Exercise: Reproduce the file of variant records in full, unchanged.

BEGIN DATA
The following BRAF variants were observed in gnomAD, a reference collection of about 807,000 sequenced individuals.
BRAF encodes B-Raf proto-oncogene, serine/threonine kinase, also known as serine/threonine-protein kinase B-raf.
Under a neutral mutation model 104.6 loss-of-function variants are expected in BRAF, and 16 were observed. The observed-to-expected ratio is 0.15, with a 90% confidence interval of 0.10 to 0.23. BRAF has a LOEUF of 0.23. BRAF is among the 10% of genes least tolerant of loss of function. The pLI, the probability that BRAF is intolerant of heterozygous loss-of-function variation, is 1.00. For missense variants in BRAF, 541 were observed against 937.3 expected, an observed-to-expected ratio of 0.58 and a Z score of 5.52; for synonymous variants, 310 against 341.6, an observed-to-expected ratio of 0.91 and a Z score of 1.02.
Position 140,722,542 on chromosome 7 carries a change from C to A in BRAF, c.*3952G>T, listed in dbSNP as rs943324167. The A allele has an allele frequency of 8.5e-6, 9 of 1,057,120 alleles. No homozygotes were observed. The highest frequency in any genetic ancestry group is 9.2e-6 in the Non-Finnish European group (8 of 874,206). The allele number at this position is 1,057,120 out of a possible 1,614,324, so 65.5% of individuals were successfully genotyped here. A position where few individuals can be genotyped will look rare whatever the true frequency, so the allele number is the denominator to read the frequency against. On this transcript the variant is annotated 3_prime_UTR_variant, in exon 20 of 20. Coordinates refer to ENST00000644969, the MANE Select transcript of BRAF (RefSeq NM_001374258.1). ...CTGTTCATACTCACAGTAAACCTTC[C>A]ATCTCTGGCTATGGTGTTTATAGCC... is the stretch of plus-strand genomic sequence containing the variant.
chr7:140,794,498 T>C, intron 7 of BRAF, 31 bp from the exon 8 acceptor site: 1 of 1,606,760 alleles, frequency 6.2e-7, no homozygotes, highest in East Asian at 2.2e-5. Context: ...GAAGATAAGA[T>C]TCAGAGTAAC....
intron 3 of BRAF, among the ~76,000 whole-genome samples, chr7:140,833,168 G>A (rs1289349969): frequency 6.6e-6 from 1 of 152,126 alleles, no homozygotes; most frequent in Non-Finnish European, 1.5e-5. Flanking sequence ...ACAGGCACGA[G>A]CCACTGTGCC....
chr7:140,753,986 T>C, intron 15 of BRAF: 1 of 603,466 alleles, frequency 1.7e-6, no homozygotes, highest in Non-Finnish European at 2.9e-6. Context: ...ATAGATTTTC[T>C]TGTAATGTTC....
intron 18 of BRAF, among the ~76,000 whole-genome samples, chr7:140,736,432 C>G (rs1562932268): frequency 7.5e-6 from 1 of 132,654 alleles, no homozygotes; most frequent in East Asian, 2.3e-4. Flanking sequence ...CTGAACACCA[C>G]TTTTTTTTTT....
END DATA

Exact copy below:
The following BRAF variants were observed in gnomAD, a reference collection of about 807,000 sequenced individuals.
BRAF encodes B-Raf proto-oncogene, serine/threonine kinase, also known as serine/threonine-protein kinase B-raf.
Under a neutral mutation model 104.6 loss-of-function variants are expected in BRAF, and 16 were observed. The observed-to-expected ratio is 0.15, with a 90% confidence interval of 0.10 to 0.23. BRAF has a LOEUF of 0.23. BRAF is among the 10% of genes least tolerant of loss of function. The pLI, the probability that BRAF is intolerant of heterozygous loss-of-function variation, is 1.00. For missense variants in BRAF, 541 were observed against 937.3 expected, an observed-to-expected ratio of 0.58 and a Z score of 5.52; for synonymous variants, 310 against 341.6, an observed-to-expected ratio of 0.91 and a Z score of 1.02.
Position 140,722,542 on chromosome 7 carries a change from C to A in BRAF, c.*3952G>T, listed in dbSNP as rs943324167. The A allele has an allele frequency of 8.5e-6, 9 of 1,057,120 alleles. No homozygotes were observed. The highest frequency in any genetic ancestry group is 9.2e-6 in the Non-Finnish European group (8 of 874,206). The allele number at this position is 1,057,120 out of a possible 1,614,324, so 65.5% of individuals were successfully genotyped here. A position where few individuals can be genotyped will look rare whatever the true frequency, so the allele number is the denominator to read the frequency against. On this transcript the variant is annotated 3_prime_UTR_variant, in exon 20 of 20. Coordinates refer to ENST00000644969, the MANE Select transcript of BRAF (RefSeq NM_001374258.1). ...CTGTTCATACTCACAGTAAACCTTC[C>A]ATCTCTGGCTATGGTGTTTATAGCC... is the stretch of plus-strand genomic sequence containing the variant.
chr7:140,794,498 T>C, intron 7 of BRAF, 31 bp from the exon 8 acceptor site: 1 of 1,606,760 alleles, frequency 6.2e-7, no homozygotes, highest in East Asian at 2.2e-5. Context: ...GAAGATAAGA[T>C]TCAGAGTAAC....
intron 3 of BRAF, among the ~76,000 whole-genome samples, chr7:140,833,168 G>A (rs1289349969): frequency 6.6e-6 from 1 of 152,126 alleles, no homozygotes; most frequent in Non-Finnish European, 1.5e-5. Flanking sequence ...ACAGGCACGA[G>A]CCACTGTGCC....
chr7:140,753,986 T>C, intron 15 of BRAF: 1 of 603,466 alleles, frequency 1.7e-6, no homozygotes, highest in Non-Finnish European at 2.9e-6. Context: ...ATAGATTTTC[T>C]TGTAATGTTC....
intron 18 of BRAF, among the ~76,000 whole-genome samples, chr7:140,736,432 C>G (rs1562932268): frequency 7.5e-6 from 1 of 132,654 alleles, no homozygotes; most frequent in East Asian, 2.3e-4. Flanking sequence ...CTGAACACCA[C>G]TTTTTTTTTT....